Per my earlier post, Apple's feeling some pain this morning due to its decision to no longer report iPhone unit sales in its quarterly numbers. Thing is, per the snip below, there were two changes to the company's plans for reporting the internals going forward: Along with the notably negative iPhone decision, the company will also be disclosing the costs borne within its ever-growing services division.
We should have no doubt that Apple's decision to withhold iPhone sales means that they know that the numbers won't impress going forward. However, we should also have no doubt that the decision to disclose the costs associated with providing services will be hugely impressive in the quarters to come.
While I'm never here to defend any company, industry, market, etc. -- my job is to see things as they are, not how I might like them to be -- my best guess at this point is that Wall Street's myopia is fully on display with regard to Apple's latest.
Apple decided to make a couple of big changes to the information it discloses every quarter. And one made investors even more unhappy.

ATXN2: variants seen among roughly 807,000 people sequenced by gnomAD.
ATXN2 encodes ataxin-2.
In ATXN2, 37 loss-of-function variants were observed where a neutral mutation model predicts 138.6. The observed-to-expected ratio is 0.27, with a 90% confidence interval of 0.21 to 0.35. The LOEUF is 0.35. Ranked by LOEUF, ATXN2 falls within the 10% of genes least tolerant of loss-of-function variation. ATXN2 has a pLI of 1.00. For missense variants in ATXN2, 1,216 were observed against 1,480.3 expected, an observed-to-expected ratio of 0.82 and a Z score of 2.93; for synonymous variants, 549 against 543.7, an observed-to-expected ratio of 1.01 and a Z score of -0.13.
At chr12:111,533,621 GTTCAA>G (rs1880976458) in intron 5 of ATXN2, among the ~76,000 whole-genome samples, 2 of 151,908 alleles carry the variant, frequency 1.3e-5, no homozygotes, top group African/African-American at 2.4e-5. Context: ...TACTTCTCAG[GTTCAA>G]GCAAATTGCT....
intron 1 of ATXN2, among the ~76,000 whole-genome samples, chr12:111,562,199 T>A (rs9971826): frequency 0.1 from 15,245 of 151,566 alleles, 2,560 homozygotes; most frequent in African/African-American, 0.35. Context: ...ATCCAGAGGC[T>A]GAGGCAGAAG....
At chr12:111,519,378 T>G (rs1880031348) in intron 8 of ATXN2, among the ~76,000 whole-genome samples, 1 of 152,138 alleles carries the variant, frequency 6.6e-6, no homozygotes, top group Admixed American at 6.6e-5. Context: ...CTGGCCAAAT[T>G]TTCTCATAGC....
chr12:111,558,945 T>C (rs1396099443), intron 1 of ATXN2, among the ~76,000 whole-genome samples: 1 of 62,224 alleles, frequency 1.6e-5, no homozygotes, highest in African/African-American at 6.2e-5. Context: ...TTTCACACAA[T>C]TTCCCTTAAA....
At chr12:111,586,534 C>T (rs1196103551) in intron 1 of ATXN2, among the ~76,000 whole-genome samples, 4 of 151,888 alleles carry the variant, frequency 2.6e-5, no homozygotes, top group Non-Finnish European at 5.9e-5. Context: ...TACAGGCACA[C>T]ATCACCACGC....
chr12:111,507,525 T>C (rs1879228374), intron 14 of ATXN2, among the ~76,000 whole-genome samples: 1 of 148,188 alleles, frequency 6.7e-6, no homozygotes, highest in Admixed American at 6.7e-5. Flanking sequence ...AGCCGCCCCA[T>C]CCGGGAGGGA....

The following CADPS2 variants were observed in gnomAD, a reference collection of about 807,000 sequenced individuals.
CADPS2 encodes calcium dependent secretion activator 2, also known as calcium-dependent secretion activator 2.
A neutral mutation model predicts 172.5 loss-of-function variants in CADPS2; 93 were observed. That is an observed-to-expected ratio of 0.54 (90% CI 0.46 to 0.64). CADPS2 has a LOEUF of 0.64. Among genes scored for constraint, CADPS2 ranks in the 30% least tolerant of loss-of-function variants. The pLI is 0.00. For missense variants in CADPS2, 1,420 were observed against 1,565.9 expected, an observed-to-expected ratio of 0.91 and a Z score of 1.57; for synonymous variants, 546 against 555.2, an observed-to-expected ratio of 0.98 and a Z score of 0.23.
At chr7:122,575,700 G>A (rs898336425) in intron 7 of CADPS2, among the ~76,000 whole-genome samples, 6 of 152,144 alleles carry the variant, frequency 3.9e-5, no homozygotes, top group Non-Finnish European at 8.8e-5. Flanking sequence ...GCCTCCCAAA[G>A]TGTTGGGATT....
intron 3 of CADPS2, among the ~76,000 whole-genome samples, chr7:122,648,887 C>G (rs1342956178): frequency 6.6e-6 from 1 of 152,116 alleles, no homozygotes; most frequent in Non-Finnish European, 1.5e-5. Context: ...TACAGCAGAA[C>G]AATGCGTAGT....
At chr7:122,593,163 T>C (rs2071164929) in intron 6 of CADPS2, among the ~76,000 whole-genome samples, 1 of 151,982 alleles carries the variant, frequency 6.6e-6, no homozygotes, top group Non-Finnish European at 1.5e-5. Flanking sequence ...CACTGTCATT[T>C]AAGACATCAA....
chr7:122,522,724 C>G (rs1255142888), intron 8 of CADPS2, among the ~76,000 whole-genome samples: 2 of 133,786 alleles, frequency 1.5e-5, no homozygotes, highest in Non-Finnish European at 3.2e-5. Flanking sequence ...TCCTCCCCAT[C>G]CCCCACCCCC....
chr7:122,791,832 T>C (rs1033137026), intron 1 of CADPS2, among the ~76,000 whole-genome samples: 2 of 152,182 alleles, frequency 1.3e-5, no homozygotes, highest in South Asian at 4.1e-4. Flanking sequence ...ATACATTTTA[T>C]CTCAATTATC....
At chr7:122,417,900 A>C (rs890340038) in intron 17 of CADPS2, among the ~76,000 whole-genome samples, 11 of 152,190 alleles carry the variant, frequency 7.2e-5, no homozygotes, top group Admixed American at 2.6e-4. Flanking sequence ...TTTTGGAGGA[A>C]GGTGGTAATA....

First, it will start revealing the cost of providing all those services (like app sales, cloud storage, and mobile payments). Analysts will be able to compare the cost to the revenue brought in (which Apple already discloses) and calculate a gross profit margin. Second, and more controversial, it will stop disclosing how many iPhones, iPads, and Mac computers it sells every quarter. Thus, analysts will no longer be able to see trends in iPhone unit sales, calculate average selling prices, or discern other key trends. Apple shares gapped down to a 7.4% loss, briefly sending the company’s stock market value below $1 trillion, before slightly recovering. (As I write this, Apple shares are off 5% on Friday morning, putting it just over the $1 trillion mark.)
Fortune Data Sheet
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